Recent research in Environmental Communication examines the powerful influence of mass media portrayal of climate change and subsequent public identification with the issue. Climate change is often reported as an environmental issue, this depiction arguably lacks personal relevance to individuals. Weathers and Kendall study US reportage of climate change in a public health frame; a more powerful presentation for motivating public engagement and action against climate change?
The majority of the US public are known to largely gain their understanding of climate change from the mass media. Previous climate change communications have largely been from a scientific and environmental perspective, leaving audiences disaffected. Little coverage has raised public health consequences of climate change such as higher incidence of asthma, allergies, disease and heat stroke amongst many. Would US citizens alter consumer decisions and seek solutions to climate change if they realised the implications for human health in their own communities as well as the Arctic? The authors conduct a multi-year content analysis of 270 US climate change news reports in a public health context to assess quantity and style of reporting delivered to Americans.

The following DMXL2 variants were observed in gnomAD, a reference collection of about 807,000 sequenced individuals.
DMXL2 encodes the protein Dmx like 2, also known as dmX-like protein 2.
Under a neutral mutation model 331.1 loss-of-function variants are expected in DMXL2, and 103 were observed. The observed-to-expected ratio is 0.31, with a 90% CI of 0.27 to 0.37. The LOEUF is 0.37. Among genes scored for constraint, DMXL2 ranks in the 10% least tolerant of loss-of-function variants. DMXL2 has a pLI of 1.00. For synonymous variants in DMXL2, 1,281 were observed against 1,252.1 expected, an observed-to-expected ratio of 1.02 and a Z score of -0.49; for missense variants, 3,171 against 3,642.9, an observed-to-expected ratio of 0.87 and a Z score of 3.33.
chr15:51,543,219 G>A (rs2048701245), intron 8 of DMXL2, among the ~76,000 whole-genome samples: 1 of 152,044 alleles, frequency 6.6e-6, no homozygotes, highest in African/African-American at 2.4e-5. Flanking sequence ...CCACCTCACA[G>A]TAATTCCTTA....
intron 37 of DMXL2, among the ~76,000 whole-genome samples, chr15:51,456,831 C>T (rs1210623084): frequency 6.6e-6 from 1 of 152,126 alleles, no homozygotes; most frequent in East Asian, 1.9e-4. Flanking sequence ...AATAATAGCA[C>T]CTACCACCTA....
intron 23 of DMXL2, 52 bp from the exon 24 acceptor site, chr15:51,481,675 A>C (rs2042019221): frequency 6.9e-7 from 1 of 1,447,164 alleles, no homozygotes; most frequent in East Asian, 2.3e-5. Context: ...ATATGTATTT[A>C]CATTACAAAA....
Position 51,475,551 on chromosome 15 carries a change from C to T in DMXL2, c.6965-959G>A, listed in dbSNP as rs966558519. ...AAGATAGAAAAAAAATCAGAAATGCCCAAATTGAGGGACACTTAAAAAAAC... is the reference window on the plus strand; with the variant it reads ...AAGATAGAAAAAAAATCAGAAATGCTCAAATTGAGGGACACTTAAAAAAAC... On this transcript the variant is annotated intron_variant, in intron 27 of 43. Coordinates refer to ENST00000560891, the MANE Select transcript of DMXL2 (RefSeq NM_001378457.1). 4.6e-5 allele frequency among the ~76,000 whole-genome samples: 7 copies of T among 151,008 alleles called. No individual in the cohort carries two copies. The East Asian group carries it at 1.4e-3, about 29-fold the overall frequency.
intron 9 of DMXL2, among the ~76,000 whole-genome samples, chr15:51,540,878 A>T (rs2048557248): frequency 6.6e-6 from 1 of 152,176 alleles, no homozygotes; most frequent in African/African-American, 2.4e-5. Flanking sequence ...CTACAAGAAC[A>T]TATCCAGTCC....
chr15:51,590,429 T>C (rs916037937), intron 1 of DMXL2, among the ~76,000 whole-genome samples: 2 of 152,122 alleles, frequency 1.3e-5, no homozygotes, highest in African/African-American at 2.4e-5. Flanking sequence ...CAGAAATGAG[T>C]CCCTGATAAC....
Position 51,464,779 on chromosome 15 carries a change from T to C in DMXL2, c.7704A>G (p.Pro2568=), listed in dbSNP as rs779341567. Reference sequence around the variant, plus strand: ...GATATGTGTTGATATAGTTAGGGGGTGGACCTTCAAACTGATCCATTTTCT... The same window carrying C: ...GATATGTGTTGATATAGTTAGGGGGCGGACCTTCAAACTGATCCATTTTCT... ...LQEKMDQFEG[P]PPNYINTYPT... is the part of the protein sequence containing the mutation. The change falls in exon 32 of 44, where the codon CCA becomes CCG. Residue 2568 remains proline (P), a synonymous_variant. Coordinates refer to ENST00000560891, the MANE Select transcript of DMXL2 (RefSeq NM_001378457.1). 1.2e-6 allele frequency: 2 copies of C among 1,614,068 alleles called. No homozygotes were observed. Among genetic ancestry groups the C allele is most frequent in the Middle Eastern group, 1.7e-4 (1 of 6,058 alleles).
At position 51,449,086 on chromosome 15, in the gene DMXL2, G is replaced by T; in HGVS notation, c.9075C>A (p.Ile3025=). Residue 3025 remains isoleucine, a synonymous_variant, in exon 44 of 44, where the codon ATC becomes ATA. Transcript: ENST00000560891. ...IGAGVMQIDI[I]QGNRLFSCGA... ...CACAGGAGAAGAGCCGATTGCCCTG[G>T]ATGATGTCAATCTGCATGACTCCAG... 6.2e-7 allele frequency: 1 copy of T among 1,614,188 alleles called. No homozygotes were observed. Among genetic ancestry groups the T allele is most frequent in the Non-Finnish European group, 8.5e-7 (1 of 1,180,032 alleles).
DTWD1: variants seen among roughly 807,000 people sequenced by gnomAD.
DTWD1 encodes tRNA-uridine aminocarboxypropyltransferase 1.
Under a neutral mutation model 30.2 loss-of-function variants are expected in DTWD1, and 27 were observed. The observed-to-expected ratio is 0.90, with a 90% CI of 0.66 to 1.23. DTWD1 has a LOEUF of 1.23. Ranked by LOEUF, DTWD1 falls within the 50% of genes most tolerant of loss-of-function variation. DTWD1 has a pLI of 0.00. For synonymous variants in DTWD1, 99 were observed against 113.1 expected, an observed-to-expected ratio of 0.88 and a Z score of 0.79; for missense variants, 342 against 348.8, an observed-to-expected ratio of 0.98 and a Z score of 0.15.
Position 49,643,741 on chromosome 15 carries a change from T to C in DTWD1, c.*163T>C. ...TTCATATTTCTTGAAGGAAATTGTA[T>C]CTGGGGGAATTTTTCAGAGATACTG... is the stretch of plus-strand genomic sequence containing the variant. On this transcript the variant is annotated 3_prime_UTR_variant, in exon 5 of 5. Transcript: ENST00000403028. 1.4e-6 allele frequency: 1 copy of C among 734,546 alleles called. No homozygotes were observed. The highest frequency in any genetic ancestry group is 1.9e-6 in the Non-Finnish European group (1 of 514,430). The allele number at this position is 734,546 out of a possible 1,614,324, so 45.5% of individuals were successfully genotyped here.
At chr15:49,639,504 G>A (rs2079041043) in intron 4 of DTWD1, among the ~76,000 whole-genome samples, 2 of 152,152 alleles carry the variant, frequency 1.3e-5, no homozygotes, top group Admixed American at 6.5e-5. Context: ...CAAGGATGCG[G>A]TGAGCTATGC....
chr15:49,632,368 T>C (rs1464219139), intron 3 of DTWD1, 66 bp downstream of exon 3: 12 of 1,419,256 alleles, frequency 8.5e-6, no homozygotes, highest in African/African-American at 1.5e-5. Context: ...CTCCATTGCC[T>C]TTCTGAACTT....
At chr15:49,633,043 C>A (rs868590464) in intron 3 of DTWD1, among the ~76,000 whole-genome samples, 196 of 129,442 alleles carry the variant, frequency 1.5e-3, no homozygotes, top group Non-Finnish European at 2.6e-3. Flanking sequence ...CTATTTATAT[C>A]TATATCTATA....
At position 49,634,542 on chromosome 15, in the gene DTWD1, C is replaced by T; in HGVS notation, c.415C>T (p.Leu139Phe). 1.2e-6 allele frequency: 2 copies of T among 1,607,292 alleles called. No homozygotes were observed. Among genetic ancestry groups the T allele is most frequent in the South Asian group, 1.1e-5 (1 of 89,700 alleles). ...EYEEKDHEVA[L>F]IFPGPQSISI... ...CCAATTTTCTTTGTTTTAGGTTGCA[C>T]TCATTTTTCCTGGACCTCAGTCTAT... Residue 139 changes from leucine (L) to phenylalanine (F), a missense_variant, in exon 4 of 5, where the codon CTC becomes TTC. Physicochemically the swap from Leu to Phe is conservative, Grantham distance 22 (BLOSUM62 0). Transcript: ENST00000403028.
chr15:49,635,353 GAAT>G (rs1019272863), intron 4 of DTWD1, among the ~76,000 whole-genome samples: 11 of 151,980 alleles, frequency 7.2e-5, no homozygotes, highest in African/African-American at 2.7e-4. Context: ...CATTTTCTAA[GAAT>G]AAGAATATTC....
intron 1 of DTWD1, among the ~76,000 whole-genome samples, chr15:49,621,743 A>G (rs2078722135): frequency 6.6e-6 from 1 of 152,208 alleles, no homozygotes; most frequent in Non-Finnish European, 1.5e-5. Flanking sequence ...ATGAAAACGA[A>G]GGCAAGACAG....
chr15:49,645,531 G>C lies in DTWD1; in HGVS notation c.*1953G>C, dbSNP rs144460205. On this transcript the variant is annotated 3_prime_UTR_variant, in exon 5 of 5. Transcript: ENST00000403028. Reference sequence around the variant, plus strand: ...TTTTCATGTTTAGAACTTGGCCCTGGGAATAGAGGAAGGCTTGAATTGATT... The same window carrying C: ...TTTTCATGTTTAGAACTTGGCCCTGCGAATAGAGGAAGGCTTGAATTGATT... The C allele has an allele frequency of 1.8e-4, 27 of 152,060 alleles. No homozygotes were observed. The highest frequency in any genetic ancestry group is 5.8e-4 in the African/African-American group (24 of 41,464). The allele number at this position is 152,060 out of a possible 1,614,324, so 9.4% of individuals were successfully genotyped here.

A 2007 Gallup poll of US citizens revealed 41% to be personally worried about climate change. In 2010 this dropped to 28%. Is this correlated to media coverage? Consumer demand for dramatized news has dictated less coverage on climate change over the study period, but did the style of presentation change? Climate change articles were classified into public health related issues; general health, heat, weather, respiratory problems, water/food borne disease and vermin borne disease. Despite a drop in coverage, those framed in a public health context sharply increased, especially in relation to heat and general health, evidence of public health framing as an effective means to communicate climate change. The authors urge increased coverage of climate change in a public health context to bridge the knowledge gap between the public health community and the general public to encourage mitigating steps. Weathers and Kendall note “here is one starting point for examining, tracking, and critically assessing the story of climate change in public health terms—a project that deserves further attention from communication, environment, and public health scholars.”